Lawyer Paul Nyamondi for Attorney General.


Kenya justified its full participation in the boundary dispute with Somalia at The Hague-based International Court of Justice (ICJ).

In response to a petition seeking to bar from participating in the maritime dispute, Solicitor-General Kennedy Ogeto explained that the State Law Office, the Foreign Affairs ministry and the Kenya International Boundaries Office “have been taking steps whose ultimate aim is the protection of Kenya’s territorial integrity and political independence as a constitutional democracy.”

Attorney General through lawyer Paul Nyamondi told the court that the Government shared concerns raised by the 20 citizens that the ICJ should not have asserted jurisdiction to adjudicate the dispute.

Lawyer Nyamondi added that Kenya was categorical that “the proposed practical option of Kenya withdrawing from the case before the ICJ is untenable at this point in time.”

The country’s sovereignty was a paramount constitutional edict, he said, and the Constitution binds all public officers to observe national values and principles of governance, including the rule of law.

“Abiding by the rule of law certainly includes participating in court proceedings in which the respective courts have affirmed their jurisdiction over the subject matter, despite a party’s objections having been overruled,” Nyamondi said.

“The fact that the Constitution defines the territory of Kenya and requires that any alteration to the territory must be subjected to a referendum under Article 255 of the Constitution, juxtaposed with the fact that the ICJ has asserted jurisdiction over the maritime boundary dispute, Kenya is now required to participate in the ICJ proceedings.” Ogeto said.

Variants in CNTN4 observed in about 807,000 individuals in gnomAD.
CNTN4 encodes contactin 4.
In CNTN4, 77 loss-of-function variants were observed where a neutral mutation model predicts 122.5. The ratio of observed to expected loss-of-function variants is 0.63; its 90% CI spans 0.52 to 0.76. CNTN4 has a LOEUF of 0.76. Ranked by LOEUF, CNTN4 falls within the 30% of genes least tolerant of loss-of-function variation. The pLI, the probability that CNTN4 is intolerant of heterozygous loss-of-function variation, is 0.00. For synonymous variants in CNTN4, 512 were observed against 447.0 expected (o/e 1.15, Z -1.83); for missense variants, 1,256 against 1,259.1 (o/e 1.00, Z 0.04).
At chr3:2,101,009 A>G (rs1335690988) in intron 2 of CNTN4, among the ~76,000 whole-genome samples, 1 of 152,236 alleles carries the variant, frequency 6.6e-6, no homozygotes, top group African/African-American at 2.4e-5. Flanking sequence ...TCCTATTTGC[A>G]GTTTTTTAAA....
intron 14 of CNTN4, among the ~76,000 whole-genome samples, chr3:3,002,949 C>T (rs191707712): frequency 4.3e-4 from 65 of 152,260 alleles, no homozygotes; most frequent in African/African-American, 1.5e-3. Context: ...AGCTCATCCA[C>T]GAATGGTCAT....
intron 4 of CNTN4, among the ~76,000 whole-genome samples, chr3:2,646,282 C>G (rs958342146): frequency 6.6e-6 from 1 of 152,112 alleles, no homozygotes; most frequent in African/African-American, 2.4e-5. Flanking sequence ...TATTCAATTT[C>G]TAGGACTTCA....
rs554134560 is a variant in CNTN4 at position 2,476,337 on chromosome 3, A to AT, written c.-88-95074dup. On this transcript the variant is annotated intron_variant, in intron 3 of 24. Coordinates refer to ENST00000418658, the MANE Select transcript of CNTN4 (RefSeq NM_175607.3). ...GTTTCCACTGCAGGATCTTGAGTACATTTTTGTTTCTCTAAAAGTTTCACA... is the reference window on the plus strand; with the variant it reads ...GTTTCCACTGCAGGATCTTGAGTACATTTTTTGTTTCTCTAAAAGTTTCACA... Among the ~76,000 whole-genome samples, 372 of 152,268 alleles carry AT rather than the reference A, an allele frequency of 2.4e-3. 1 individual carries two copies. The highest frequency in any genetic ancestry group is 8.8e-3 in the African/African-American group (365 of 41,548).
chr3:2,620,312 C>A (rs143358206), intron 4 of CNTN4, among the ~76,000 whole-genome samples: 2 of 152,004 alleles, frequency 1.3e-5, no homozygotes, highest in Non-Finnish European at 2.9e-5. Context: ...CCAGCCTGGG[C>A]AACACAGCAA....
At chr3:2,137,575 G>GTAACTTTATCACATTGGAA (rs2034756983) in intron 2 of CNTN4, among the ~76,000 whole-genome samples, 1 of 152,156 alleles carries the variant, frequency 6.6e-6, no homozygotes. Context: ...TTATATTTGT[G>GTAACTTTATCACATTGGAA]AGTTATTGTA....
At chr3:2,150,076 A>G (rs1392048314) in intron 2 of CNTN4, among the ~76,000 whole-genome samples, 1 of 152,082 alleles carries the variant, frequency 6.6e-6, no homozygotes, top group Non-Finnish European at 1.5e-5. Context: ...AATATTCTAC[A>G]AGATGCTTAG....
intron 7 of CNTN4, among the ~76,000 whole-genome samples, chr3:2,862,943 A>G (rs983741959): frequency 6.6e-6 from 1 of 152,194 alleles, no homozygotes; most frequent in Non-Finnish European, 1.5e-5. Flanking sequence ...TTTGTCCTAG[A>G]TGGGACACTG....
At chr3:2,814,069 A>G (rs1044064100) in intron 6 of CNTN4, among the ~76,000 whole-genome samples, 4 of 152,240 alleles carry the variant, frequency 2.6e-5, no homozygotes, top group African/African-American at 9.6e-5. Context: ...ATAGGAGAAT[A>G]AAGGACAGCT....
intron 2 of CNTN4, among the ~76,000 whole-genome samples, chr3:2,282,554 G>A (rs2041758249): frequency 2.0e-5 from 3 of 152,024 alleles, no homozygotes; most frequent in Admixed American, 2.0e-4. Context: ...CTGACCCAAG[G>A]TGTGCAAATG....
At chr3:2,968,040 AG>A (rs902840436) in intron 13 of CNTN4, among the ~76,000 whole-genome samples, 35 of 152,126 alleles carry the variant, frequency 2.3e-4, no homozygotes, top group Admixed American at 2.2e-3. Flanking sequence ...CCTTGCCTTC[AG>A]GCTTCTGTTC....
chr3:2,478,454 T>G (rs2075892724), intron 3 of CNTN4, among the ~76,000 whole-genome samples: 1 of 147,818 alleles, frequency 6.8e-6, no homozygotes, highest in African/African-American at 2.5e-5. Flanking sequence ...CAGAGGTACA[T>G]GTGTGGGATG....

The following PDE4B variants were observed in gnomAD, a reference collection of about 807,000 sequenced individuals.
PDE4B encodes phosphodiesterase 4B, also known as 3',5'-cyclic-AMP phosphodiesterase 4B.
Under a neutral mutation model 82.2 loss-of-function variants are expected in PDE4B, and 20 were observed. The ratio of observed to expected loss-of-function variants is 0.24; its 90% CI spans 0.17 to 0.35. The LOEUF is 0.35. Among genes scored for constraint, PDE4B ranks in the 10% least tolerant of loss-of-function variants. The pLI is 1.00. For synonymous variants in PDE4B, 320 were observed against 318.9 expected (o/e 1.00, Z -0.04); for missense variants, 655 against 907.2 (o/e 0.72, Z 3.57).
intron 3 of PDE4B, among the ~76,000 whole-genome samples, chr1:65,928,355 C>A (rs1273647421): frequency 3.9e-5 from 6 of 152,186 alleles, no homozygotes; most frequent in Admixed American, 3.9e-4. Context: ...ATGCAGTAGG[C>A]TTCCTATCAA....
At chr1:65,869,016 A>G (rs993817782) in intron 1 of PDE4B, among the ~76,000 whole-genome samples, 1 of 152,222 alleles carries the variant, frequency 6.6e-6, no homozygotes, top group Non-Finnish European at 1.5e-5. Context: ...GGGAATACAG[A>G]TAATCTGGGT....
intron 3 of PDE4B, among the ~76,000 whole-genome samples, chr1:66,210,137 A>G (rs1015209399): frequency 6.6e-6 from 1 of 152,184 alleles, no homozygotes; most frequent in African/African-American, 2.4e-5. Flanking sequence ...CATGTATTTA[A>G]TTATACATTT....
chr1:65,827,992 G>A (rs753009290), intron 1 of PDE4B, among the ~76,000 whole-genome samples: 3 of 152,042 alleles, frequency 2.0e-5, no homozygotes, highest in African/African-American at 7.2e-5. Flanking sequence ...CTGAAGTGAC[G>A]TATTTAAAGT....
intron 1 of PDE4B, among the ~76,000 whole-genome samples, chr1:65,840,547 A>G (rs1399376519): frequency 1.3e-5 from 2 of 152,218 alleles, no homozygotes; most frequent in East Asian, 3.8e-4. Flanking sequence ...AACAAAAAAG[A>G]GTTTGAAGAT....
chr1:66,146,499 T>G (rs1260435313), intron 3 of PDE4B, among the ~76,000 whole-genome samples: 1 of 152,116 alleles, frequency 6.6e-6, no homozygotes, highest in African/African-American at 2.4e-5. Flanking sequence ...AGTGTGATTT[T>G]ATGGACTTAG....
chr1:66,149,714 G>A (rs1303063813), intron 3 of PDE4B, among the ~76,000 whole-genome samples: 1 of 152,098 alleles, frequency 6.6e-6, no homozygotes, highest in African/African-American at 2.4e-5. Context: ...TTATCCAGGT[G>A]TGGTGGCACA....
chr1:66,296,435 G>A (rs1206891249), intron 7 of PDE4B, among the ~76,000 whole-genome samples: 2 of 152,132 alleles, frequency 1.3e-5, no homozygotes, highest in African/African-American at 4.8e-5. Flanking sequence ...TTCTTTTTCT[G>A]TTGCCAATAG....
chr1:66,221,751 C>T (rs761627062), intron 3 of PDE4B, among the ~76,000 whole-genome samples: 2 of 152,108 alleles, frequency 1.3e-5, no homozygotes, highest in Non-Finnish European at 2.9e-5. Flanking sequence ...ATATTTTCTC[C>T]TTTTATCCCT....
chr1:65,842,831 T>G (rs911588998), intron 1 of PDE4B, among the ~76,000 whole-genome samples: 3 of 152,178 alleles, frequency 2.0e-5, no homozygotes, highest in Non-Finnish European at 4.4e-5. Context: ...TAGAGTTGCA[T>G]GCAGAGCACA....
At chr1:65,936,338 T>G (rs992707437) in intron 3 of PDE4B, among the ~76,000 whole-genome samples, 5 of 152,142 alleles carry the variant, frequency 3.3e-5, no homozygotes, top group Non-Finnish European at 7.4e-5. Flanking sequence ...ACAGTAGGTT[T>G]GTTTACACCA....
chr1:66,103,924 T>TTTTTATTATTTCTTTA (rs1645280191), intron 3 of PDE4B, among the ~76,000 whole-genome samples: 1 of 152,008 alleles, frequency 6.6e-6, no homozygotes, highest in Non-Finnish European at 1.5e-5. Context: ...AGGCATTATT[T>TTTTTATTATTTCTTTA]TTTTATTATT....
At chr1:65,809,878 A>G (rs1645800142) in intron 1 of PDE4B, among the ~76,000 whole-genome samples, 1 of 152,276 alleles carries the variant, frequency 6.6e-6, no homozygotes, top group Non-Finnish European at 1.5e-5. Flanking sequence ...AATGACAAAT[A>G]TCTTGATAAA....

Ogeto added that this means that a balance must be struck between these positions.

Ogeto asserted that the participation of top government officials in the dispute was not a manifest violation of any of Kenya’s internal rules of fundamental importance.

There was no basis for accusations that they have surrendered Kenya’s sovereignty to the ICJ and other entities, or acting in violation of the Constitution, he pointed out.

“Kenya’s continued participation in the ICJ proceedings concerning the maritime boundary dispute is a function of Kenya’s constitutional identification as a democracy founded on the rule of law, and committed to the peaceful settlement of disputes between it and other states, as required under international law, which Kenya’s Constitution itself domesticates,” Ogeto said in an affidavit.

He urged High Court Judge Weldon Korir to dismiss an application by lawyer Kibe Mungai, for the aggrieved citizens, to have Chief Justice David Maraga to appoint an expanded bench to handle the petition.

The contentious boundary dispute has been set for oral hearings between September 9 and 13 at the Peace Palace, The Hague.

A Lobby group Foundation for Dialogue and 19 individuals filed case in court seeking to stop government from defending a case filed by Somalia government against Kenya at the International Court of Justice (ICJ).

The petitioners argue that treaties and laws that Kenya agreed to between 1965 and 2009 removed maritime boundaries from the list of issues that can be determined at the ICJ.

They add that a 2009 memorandum of understanding between Kenya and Somalia resolved to have any maritime boundary disputes between the two nations resolved through negotiations and bilateral talks.

Justice Korir will deliver his ruling on July 11.